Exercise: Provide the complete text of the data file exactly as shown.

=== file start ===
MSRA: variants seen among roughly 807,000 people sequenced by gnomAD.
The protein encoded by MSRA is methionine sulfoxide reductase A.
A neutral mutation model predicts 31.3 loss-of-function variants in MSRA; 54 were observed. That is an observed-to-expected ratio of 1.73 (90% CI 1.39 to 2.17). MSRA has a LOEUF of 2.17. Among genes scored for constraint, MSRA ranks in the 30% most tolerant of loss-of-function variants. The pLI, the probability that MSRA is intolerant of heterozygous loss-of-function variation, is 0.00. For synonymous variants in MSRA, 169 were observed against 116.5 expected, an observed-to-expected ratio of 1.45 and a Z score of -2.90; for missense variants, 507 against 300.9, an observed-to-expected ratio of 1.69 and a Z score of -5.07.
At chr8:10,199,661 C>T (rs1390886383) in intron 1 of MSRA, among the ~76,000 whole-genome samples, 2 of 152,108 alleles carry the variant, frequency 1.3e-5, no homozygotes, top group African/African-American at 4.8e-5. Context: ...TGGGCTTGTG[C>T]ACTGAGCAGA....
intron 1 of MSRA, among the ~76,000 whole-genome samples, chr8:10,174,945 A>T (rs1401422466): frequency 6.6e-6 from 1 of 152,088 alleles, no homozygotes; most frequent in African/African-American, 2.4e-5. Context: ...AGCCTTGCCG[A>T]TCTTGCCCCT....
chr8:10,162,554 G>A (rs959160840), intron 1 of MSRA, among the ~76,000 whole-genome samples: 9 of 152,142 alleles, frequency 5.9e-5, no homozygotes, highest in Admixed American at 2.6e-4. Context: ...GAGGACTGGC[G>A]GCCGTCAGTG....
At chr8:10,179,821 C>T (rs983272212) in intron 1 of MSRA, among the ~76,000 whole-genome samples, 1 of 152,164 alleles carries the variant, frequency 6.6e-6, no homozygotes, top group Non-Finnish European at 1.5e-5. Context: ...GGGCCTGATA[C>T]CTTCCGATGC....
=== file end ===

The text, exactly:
MSRA: variants seen among roughly 807,000 people sequenced by gnomAD.
The protein encoded by MSRA is methionine sulfoxide reductase A.
A neutral mutation model predicts 31.3 loss-of-function variants in MSRA; 54 were observed. That is an observed-to-expected ratio of 1.73 (90% CI 1.39 to 2.17). MSRA has a LOEUF of 2.17. Among genes scored for constraint, MSRA ranks in the 30% most tolerant of loss-of-function variants. The pLI, the probability that MSRA is intolerant of heterozygous loss-of-function variation, is 0.00. For synonymous variants in MSRA, 169 were observed against 116.5 expected, an observed-to-expected ratio of 1.45 and a Z score of -2.90; for missense variants, 507 against 300.9, an observed-to-expected ratio of 1.69 and a Z score of -5.07.
At chr8:10,199,661 C>T (rs1390886383) in intron 1 of MSRA, among the ~76,000 whole-genome samples, 2 of 152,108 alleles carry the variant, frequency 1.3e-5, no homozygotes, top group African/African-American at 4.8e-5. Context: ...TGGGCTTGTG[C>T]ACTGAGCAGA....
intron 1 of MSRA, among the ~76,000 whole-genome samples, chr8:10,174,945 A>T (rs1401422466): frequency 6.6e-6 from 1 of 152,088 alleles, no homozygotes; most frequent in African/African-American, 2.4e-5. Context: ...AGCCTTGCCG[A>T]TCTTGCCCCT....
chr8:10,162,554 G>A (rs959160840), intron 1 of MSRA, among the ~76,000 whole-genome samples: 9 of 152,142 alleles, frequency 5.9e-5, no homozygotes, highest in Admixed American at 2.6e-4. Context: ...GAGGACTGGC[G>A]GCCGTCAGTG....
At chr8:10,179,821 C>T (rs983272212) in intron 1 of MSRA, among the ~76,000 whole-genome samples, 1 of 152,164 alleles carries the variant, frequency 6.6e-6, no homozygotes, top group Non-Finnish European at 1.5e-5. Context: ...GGGCCTGATA[C>T]CTTCCGATGC....